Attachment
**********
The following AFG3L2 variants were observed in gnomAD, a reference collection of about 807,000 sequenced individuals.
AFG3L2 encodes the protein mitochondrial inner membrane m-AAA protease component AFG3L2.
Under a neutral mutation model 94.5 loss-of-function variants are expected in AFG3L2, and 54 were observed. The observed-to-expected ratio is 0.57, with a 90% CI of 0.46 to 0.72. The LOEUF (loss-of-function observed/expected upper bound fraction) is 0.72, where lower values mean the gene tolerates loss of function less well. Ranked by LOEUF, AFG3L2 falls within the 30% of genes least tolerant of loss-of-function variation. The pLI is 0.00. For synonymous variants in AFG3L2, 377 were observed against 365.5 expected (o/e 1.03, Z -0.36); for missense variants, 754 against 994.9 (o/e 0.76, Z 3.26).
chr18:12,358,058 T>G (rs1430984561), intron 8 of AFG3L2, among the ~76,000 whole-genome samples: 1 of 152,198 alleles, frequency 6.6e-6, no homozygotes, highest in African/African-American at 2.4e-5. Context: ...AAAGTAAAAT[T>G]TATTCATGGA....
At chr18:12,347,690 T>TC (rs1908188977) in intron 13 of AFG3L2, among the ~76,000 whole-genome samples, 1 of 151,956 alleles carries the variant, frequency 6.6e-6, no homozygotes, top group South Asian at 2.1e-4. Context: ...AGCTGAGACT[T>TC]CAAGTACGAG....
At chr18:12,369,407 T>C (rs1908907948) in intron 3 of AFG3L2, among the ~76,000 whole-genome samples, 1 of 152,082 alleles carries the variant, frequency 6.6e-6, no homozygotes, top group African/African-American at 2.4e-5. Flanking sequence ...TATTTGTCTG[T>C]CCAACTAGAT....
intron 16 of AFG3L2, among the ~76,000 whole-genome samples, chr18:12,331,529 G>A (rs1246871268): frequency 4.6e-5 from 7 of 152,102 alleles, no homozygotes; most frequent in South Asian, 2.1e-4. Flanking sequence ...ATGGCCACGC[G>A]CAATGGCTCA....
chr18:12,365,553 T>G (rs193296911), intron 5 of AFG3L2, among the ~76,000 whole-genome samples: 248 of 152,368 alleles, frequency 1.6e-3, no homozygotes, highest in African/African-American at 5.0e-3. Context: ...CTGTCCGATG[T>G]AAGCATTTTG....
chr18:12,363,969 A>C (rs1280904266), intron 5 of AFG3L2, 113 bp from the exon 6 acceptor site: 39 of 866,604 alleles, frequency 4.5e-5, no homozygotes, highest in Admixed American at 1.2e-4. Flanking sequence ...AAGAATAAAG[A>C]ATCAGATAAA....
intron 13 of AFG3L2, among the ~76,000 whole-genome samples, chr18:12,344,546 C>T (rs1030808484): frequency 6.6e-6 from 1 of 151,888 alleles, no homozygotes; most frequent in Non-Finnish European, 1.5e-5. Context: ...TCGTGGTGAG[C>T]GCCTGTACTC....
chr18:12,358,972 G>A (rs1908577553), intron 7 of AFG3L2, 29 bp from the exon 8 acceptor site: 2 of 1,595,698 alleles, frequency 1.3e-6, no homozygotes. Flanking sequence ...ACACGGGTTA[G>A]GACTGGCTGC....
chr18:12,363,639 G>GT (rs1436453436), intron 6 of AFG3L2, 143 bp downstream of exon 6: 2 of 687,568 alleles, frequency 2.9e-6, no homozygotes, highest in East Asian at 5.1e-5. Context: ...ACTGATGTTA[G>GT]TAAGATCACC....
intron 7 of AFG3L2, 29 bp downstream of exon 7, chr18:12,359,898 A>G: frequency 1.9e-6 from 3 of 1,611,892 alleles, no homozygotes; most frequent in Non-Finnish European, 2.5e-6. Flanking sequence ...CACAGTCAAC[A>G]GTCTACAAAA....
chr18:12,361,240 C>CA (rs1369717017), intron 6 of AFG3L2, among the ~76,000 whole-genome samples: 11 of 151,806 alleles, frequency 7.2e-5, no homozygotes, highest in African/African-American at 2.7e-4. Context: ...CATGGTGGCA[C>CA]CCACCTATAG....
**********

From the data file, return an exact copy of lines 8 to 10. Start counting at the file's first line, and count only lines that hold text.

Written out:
chr18:12,365,553 T>G (rs193296911), intron 5 of AFG3L2, among the ~76,000 whole-genome samples: 248 of 152,368 alleles, frequency 1.6e-3, no homozygotes, highest in African/African-American at 5.0e-3. Context: ...CTGTCCGATG[T>G]AAGCATTTTG....
chr18:12,363,969 A>C (rs1280904266), intron 5 of AFG3L2, 113 bp from the exon 6 acceptor site: 39 of 866,604 alleles, frequency 4.5e-5, no homozygotes, highest in Admixed American at 1.2e-4. Flanking sequence ...AAGAATAAAG[A>C]ATCAGATAAA....
intron 13 of AFG3L2, among the ~76,000 whole-genome samples, chr18:12,344,546 C>T (rs1030808484): frequency 6.6e-6 from 1 of 151,888 alleles, no homozygotes; most frequent in Non-Finnish European, 1.5e-5. Context: ...TCGTGGTGAG[C>T]GCCTGTACTC....